2016 New York Auto Show: 2017 Nissan GT-R Gives Godzilla A Meaner Face, More Bite

il y a 7 ans, 2 mois - 23 Mars 2016, Autoblog
2017 Nissan GT-R
2017 Nissan GT-R
Since introducing the GT-R in 2007 as the brand's halo model, Nissan has never let its twin-turbocharged sports coupe go very long without an update. The more powerful, restyled 2017 model continues that constant evolution at the New York Auto Show.

Now making 565 horsepower (20 hp more than the 2016) and 467 pound-feet of torque (a 4 lb-ft upgrade), the company's technological powerhouse arrives at dealers this summer.

To get the extra grunt out of the 3.8-liter twin-turbo V6, the GT-R's turbos now have more boost and each cylinder has individual ignition-timing control. A new titanium exhaust and Active Sound Enhancement should make the powerplant sound a little better, too. A six-speed dual-clutch gearbox continues to send power to the front and rear axles, but Nissan claims that refinements mean less noise and smoother shifts.

Several updates also make the 2017 GT-R more comfortable for long trips. Nissan says the retuned suspension offers a smoother ride. An acoustic glass windshield, new sound insulation, and Active Noise Cancellation allow for quieter cruising, too. Added rigidity in the body structure should continue the GT-R's reputation has a sharp handler, though.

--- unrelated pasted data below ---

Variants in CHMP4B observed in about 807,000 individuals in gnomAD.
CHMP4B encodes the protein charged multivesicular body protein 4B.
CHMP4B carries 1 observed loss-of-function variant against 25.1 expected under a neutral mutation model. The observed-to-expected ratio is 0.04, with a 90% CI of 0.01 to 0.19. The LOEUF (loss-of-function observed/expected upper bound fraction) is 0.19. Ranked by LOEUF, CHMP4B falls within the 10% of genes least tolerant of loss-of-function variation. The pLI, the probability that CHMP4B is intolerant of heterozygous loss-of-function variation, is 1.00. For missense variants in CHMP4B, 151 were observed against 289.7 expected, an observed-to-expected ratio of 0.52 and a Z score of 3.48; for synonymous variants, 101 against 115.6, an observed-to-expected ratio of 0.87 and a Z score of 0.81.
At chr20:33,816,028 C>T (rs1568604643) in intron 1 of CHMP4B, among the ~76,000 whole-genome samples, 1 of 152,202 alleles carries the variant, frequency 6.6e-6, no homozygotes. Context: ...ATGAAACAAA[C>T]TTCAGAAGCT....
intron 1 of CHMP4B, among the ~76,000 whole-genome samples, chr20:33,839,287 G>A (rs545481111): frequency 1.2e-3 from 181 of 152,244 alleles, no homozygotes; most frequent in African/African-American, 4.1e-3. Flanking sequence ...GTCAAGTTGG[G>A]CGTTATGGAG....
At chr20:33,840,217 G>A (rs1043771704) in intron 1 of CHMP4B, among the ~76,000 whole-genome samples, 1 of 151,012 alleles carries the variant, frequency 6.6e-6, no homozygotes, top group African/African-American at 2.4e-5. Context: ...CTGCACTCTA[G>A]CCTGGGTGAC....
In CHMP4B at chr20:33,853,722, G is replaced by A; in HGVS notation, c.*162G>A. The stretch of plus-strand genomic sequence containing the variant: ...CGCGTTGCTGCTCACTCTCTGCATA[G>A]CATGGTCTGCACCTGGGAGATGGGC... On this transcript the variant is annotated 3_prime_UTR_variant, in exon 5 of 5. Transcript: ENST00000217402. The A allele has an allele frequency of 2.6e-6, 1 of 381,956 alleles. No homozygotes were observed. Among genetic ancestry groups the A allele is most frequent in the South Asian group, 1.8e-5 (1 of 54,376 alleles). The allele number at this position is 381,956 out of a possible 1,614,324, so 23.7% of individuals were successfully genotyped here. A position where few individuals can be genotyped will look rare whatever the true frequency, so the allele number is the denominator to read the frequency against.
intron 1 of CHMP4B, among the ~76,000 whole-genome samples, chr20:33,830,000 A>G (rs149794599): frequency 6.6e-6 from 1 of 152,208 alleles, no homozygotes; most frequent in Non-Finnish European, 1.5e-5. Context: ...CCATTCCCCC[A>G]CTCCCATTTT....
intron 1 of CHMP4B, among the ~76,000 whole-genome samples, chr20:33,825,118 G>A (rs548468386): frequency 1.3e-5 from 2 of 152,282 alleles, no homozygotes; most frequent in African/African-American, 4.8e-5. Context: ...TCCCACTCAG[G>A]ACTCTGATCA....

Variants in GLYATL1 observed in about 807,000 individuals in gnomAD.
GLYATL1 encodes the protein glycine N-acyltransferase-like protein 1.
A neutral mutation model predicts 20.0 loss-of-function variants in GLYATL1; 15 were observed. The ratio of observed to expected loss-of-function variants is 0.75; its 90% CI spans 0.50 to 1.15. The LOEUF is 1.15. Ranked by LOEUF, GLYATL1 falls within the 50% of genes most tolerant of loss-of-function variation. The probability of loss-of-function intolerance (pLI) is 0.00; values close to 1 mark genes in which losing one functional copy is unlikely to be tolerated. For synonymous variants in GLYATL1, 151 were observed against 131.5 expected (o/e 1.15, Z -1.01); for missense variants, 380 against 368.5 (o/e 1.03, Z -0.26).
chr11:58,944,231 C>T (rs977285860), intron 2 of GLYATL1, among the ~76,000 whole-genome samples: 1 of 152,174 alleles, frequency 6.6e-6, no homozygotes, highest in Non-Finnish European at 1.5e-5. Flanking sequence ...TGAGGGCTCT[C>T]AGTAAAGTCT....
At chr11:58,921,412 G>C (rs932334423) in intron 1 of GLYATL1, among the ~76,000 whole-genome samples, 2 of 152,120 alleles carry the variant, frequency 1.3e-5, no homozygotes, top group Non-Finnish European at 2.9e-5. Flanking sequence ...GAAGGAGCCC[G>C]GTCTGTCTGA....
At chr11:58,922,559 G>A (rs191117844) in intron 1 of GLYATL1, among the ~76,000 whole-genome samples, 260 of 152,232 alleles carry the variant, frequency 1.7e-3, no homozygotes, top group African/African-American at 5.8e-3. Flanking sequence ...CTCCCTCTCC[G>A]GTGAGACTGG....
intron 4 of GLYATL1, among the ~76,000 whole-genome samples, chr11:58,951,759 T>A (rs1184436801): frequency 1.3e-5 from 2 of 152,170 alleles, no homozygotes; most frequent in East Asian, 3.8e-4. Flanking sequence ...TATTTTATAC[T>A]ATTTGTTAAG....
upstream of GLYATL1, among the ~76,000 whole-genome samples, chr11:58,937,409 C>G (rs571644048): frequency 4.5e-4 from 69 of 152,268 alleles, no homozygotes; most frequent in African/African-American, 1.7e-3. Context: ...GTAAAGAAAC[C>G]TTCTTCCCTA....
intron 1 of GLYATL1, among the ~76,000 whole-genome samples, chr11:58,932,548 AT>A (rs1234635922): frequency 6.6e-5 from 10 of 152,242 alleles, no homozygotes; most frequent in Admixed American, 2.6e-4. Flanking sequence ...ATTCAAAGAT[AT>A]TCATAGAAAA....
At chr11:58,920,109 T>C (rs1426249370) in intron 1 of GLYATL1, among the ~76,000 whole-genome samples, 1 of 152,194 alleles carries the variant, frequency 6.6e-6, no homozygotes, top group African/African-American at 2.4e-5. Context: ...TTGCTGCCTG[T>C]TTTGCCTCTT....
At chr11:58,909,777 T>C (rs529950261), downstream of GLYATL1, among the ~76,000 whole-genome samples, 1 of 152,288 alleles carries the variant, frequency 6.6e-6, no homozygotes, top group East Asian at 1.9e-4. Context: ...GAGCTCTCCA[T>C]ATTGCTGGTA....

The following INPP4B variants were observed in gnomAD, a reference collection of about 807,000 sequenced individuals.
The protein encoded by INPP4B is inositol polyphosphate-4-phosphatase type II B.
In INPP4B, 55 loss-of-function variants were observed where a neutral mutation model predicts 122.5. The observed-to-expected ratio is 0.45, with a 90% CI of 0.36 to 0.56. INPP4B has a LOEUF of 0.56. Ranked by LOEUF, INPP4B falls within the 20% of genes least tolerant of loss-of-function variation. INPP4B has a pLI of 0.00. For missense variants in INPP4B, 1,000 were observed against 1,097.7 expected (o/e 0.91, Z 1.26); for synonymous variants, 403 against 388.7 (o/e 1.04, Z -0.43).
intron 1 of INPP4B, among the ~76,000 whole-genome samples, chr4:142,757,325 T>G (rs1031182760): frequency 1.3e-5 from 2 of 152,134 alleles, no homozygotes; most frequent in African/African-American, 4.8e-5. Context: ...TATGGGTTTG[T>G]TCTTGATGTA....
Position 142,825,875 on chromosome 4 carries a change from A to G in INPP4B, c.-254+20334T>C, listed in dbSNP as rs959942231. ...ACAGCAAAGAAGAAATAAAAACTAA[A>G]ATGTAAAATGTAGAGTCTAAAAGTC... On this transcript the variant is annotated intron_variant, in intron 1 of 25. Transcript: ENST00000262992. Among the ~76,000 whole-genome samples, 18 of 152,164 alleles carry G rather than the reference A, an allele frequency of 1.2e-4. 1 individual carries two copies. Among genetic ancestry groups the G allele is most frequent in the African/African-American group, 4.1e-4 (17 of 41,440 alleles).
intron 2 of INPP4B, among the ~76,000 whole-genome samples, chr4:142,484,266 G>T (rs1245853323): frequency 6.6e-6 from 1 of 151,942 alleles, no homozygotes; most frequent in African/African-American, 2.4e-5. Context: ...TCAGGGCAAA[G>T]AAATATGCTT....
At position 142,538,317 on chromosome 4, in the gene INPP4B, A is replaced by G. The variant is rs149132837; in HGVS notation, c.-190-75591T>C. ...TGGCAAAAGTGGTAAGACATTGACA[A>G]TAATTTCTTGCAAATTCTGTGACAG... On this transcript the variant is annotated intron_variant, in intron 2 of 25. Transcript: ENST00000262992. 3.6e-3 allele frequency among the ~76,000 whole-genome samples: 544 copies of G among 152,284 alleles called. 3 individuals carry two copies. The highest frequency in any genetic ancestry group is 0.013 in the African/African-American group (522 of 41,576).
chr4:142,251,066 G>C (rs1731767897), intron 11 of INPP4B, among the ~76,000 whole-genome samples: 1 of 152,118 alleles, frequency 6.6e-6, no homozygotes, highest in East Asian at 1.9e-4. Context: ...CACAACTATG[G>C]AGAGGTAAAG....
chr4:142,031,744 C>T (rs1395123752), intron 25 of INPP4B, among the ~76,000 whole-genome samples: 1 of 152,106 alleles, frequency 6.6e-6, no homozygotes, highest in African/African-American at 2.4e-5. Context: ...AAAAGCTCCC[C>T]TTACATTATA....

Nissan accompanies these mechanical tweaks with a styling upgrade for Godzilla. The automaker's ubiquitous V-Motion grille is now larger at the front, which the company claims allows better engine cooling. Below it, the designers add a new lip spoiler and bumper, which look fantastic. The side sills are now a little wider to improve airflow, and the rear bumper has functional air vents on each side.

The 2017 GT-R's interior continues to move towards a more luxurious vehicle. There's now a seamless piece of Nappa leather for the dashboard and lighter front seats with new side bolsters, which Nissan claims are more comfortable on long drives. The eight-inch capacitive infotainment display is an inch larger than last year and combines the navigation and audio controls into a single unit. The change means the number of switches inside drops to 11 from 27 before. The company also moves the shift paddles to the steering wheel for easier mid-corner changes.

The next-generation GT-R isn't due until 2020 at the earliest and may take styling cues from the Concept 2020 Vision Gran Turismo. Until then, these upgrades for the 2017 model show that Nissan can continue to refine the latest model.